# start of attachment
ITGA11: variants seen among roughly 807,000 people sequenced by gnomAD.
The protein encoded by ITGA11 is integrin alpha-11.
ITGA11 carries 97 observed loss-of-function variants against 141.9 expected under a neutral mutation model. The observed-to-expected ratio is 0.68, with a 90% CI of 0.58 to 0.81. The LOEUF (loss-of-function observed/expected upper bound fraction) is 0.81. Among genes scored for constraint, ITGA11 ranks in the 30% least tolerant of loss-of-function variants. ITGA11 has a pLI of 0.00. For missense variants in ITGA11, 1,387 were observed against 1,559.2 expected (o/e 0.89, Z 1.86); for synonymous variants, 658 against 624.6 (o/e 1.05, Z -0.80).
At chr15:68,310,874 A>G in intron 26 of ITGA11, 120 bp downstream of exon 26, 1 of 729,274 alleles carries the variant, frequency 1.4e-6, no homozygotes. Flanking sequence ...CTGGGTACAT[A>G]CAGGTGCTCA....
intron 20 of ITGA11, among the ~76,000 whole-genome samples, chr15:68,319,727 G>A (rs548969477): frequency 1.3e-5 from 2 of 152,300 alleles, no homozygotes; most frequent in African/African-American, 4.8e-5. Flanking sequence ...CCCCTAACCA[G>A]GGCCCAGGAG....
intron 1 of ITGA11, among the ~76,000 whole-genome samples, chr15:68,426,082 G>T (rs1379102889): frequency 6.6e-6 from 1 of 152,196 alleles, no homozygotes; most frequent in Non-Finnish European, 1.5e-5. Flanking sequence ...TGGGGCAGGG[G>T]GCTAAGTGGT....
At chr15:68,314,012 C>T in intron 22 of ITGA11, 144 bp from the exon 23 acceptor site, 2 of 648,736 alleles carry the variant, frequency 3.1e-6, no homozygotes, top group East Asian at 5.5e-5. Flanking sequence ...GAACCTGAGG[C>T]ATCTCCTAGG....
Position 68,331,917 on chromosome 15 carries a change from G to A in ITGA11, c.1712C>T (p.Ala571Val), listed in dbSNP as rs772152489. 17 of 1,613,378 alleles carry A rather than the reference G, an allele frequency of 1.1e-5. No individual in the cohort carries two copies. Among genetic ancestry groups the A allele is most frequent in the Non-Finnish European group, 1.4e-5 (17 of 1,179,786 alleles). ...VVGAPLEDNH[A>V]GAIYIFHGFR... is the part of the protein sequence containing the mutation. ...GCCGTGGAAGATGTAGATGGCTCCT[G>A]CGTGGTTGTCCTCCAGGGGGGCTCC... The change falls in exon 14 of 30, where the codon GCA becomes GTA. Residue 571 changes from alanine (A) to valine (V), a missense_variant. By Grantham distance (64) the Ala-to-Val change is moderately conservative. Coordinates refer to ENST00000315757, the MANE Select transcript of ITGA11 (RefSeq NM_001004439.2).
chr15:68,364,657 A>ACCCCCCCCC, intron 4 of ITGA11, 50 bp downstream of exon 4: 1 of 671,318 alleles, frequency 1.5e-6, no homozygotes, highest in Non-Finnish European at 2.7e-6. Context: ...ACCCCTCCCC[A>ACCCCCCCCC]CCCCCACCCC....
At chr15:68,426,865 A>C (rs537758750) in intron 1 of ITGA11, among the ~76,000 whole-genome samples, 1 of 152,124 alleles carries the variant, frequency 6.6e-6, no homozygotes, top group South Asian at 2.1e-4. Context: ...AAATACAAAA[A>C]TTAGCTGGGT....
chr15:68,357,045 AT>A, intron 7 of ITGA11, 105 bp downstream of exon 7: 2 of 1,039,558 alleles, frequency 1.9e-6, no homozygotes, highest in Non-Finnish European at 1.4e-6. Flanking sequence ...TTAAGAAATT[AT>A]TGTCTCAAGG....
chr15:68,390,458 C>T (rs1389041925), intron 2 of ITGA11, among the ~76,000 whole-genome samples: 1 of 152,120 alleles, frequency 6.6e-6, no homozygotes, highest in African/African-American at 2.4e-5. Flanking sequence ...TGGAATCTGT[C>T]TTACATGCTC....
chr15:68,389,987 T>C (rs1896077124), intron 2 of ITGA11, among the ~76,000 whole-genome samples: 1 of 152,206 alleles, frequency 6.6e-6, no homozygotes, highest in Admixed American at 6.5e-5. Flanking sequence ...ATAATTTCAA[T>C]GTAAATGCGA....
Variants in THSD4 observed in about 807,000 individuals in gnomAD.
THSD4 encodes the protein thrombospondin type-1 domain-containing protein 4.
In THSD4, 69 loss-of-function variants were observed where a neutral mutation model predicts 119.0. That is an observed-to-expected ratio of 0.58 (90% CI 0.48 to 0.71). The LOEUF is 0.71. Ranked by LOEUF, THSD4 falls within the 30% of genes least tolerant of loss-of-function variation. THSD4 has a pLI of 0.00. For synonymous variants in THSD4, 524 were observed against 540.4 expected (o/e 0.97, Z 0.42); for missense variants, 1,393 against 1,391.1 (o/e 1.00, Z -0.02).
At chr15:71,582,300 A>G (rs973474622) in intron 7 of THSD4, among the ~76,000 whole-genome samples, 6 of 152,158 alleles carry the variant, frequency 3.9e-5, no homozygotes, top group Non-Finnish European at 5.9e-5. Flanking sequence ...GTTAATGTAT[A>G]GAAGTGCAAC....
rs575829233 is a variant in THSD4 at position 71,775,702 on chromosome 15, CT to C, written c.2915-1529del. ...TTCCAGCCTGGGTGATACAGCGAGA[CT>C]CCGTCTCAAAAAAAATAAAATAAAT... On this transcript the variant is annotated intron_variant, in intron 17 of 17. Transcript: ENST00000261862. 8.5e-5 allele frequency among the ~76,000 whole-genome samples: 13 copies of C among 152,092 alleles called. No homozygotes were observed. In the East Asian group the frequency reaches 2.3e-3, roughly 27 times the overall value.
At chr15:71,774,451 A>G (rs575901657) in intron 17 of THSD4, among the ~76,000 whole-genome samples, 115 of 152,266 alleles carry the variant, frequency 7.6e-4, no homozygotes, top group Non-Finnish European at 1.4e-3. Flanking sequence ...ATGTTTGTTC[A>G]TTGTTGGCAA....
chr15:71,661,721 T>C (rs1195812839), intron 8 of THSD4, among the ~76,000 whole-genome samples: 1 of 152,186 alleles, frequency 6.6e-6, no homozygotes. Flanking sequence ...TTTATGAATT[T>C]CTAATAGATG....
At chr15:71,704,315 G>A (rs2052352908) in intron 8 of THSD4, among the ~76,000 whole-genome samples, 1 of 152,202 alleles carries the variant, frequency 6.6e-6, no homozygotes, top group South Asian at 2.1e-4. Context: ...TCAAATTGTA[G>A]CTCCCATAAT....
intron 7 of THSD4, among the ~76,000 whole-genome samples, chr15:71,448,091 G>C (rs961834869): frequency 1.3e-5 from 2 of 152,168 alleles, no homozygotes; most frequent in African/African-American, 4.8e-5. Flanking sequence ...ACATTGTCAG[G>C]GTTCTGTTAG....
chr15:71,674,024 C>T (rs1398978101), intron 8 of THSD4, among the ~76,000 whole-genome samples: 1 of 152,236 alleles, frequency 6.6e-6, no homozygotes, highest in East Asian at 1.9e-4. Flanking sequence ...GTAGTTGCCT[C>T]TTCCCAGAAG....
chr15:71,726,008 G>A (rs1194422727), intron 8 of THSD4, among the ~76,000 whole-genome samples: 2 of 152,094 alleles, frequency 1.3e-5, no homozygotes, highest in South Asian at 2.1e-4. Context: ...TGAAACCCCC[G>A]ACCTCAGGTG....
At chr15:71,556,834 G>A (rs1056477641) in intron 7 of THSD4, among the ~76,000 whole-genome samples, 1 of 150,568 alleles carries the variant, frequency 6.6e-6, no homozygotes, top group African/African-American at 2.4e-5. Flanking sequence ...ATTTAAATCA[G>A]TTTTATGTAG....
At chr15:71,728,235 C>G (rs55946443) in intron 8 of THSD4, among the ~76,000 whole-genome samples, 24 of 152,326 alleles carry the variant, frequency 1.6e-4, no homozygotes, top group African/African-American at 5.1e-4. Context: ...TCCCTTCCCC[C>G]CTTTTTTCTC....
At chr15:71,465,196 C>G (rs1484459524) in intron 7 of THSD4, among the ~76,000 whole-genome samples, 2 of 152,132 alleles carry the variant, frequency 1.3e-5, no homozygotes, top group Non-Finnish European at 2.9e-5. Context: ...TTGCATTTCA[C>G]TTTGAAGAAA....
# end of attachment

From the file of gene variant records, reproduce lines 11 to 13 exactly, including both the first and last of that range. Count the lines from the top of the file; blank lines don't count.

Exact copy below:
chr15:68,357,045 AT>A, intron 7 of ITGA11, 105 bp downstream of exon 7: 2 of 1,039,558 alleles, frequency 1.9e-6, no homozygotes, highest in Non-Finnish European at 1.4e-6. Flanking sequence ...TTAAGAAATT[AT>A]TGTCTCAAGG....
chr15:68,390,458 C>T (rs1389041925), intron 2 of ITGA11, among the ~76,000 whole-genome samples: 1 of 152,120 alleles, frequency 6.6e-6, no homozygotes, highest in African/African-American at 2.4e-5. Flanking sequence ...TGGAATCTGT[C>T]TTACATGCTC....
chr15:68,389,987 T>C (rs1896077124), intron 2 of ITGA11, among the ~76,000 whole-genome samples: 1 of 152,206 alleles, frequency 6.6e-6, no homozygotes, highest in Admixed American at 6.5e-5. Flanking sequence ...ATAATTTCAA[T>C]GTAAATGCGA....